Therefore, since we have been justified by faith, we have peace with God through our Lord Jesus Christ. Romans 5:1
“Give Peace a chance,” “Peace will save the world,” and “Humanity Is My Race Love Is My Religion Peace Is My Weapon” are just a few of the 75 slogans I found when I searched peace slogans. In February 1971, I was fourteen years old when Coca-Cola aired their, “I’d Like to Teach the World to Sing (In Perfect Harmony)” commercial. The Vietnam war was still going on, and there were peace marches and demonstrations worldwide. The lyrics to the song were,
“I’d like to build the world a home and furnish it with love grow apple trees and honey bees and snow white turtle doves I’d like to teach the world to sing in perfect harmony I’d like to hold it in my arms and keep it company I’d like to see the world for once all standing hand in hand and hear them echo through the hills for peace throughout the land”
The message was loud and clear; if we tried harder, there would be no more wars, poverty, hatred, or killings. But, there will never be world peace before the second coming of Christ. That does not mean that Christians should not live peaceful lives. In fact, we are commanded to precisely that ( Romans 12:18, I Thessalonians 4:11). Peace for a follower of Christ does not depend on what the world or others are doing.
Paul has just finished his argument, in chapters 1—4, that nobody can be made right with God by following the works of the law of Moses. Men and women can only be declared righteous and escape God’s wrath by faith in what He has done for us through Jesus’ death and resurrection, which secures our justification (Romans 4:24–25). Now Paul tells us what we have gained in being justified by faith. We have indeed escaped the wrath of God, but being righteous before God means so much more than just not being punished for our sin. It’s important to note that Paul is writing to Christians. Paul’s use of the term “we” in this passage is not universal, and it does not apply to all of the entire world. He is describing what is true for those who have trusted in Christ’s work for their salvation. This is made explicitly clear by his explanation of faith and belief in the prior passages.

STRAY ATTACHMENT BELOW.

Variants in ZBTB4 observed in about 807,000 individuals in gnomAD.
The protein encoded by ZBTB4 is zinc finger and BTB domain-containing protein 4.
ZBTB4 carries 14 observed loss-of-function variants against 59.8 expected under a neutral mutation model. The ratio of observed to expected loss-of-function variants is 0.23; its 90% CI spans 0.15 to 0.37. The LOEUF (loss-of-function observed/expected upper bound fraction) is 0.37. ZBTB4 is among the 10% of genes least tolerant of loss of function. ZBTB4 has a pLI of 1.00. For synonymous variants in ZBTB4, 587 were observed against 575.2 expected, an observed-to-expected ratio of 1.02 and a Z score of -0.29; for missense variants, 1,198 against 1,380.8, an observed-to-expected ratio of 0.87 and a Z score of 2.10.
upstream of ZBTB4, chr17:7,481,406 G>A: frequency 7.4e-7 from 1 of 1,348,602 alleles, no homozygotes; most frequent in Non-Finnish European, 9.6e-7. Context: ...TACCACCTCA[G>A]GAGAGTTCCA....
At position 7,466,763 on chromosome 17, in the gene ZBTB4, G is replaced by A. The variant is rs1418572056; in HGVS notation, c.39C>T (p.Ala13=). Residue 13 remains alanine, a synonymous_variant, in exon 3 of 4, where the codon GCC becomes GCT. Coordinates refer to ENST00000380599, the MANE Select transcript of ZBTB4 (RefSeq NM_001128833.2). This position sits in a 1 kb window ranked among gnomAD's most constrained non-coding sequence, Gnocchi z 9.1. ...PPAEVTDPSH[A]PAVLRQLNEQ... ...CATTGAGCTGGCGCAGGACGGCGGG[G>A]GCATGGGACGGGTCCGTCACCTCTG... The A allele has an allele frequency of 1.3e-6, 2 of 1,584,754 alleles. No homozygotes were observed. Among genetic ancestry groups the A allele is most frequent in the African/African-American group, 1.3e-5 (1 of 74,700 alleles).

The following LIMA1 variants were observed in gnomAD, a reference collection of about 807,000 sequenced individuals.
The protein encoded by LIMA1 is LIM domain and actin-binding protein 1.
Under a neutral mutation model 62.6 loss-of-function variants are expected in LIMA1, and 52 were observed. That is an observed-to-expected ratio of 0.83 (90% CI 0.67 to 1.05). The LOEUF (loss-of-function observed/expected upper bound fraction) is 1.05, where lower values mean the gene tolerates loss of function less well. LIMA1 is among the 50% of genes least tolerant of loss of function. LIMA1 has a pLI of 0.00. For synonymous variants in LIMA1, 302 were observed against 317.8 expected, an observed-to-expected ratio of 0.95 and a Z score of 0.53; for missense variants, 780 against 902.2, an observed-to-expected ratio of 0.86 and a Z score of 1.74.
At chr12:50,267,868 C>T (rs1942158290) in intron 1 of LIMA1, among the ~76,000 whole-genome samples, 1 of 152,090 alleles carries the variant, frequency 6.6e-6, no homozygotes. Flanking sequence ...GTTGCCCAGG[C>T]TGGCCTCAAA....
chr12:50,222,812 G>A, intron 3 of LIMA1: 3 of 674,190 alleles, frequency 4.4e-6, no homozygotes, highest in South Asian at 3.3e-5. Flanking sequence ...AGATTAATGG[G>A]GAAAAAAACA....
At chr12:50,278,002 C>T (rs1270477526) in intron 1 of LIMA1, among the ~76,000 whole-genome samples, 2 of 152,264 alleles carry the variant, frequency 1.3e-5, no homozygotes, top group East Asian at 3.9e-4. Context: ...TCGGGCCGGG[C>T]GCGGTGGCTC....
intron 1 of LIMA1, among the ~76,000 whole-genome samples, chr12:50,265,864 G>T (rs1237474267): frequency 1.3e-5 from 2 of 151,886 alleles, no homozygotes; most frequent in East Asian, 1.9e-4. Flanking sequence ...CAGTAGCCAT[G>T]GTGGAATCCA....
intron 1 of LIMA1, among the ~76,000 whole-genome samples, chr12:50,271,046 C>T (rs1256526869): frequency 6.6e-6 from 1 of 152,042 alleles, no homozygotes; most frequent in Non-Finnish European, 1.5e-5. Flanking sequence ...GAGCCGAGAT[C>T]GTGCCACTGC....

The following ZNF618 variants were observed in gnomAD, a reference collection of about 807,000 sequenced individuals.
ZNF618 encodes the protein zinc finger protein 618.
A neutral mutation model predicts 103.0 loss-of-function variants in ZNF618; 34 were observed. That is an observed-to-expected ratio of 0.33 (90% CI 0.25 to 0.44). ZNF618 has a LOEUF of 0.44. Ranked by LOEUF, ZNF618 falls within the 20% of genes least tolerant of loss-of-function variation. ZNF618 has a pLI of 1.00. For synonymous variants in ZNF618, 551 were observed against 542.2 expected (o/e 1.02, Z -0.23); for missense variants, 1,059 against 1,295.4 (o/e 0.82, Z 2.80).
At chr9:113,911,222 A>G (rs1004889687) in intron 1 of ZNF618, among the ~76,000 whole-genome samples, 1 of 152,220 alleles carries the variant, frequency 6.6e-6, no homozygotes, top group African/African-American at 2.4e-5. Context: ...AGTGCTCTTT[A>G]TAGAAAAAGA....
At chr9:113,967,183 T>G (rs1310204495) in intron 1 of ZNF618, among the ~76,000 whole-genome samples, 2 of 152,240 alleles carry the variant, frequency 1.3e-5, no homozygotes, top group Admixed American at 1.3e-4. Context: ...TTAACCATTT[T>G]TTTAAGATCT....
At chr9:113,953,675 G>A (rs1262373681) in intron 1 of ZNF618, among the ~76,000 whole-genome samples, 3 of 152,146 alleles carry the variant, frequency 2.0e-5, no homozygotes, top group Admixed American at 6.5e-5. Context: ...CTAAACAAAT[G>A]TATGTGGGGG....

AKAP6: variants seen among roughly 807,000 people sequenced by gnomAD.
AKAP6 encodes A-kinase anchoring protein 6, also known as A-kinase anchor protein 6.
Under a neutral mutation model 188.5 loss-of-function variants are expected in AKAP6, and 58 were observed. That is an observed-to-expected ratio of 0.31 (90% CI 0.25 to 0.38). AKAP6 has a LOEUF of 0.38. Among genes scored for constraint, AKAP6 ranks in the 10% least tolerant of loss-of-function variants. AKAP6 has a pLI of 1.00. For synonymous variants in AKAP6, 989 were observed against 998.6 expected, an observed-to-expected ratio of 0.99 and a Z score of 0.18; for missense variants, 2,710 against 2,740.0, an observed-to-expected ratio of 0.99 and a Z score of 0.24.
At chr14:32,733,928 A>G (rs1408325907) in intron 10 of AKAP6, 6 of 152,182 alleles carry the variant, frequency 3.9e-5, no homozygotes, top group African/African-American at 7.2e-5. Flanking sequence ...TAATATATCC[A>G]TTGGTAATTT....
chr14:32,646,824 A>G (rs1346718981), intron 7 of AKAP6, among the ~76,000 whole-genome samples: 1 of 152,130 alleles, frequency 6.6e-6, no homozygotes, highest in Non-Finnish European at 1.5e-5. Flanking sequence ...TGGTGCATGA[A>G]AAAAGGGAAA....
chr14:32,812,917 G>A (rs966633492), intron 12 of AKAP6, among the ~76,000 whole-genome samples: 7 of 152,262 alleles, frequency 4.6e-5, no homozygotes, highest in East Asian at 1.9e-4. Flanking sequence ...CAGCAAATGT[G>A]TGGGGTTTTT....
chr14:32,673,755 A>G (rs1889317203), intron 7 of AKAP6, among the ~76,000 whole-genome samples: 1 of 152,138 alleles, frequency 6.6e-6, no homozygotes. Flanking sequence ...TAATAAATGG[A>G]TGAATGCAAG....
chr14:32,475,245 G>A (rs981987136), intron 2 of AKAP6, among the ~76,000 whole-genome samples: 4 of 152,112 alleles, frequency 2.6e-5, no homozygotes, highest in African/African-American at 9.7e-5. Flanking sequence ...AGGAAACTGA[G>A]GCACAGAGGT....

The prior messages. Paul is not saying all people everywhere have peace with God, only those who have believed in the God who raised Jesus from the dead.
Paul tells those who have been justified in God’s eyes have peace with God. Paul does not mean by this that we feel peaceful, that we experience no anxiety. He means that we have been made right with God. We are at peace with God from now and through eternity. This is possible only “through our Lord Jesus Christ.” In Christ, God has made a permanent peace with us. And since He is the one who made it, it is a peace that can never be lost. John Macarthur puts it this way:
“The peace that Paul is speaking about here is not subjective but objective. It is not a feeling but a fact. Apart from salvation through Jesus Christ, every human being is at enmity with God, spiritually at war with Him (see v. 10; cf. 8:7), regardless of what his feelings about God may be. In the same way, the person who is justified by faith in Christ is at peace with God, regardless of how he may feel about it at any given moment. Through his trust in Jesus Christ, a sinner’s war with God is ended for all eternity.”
Do you have true peace?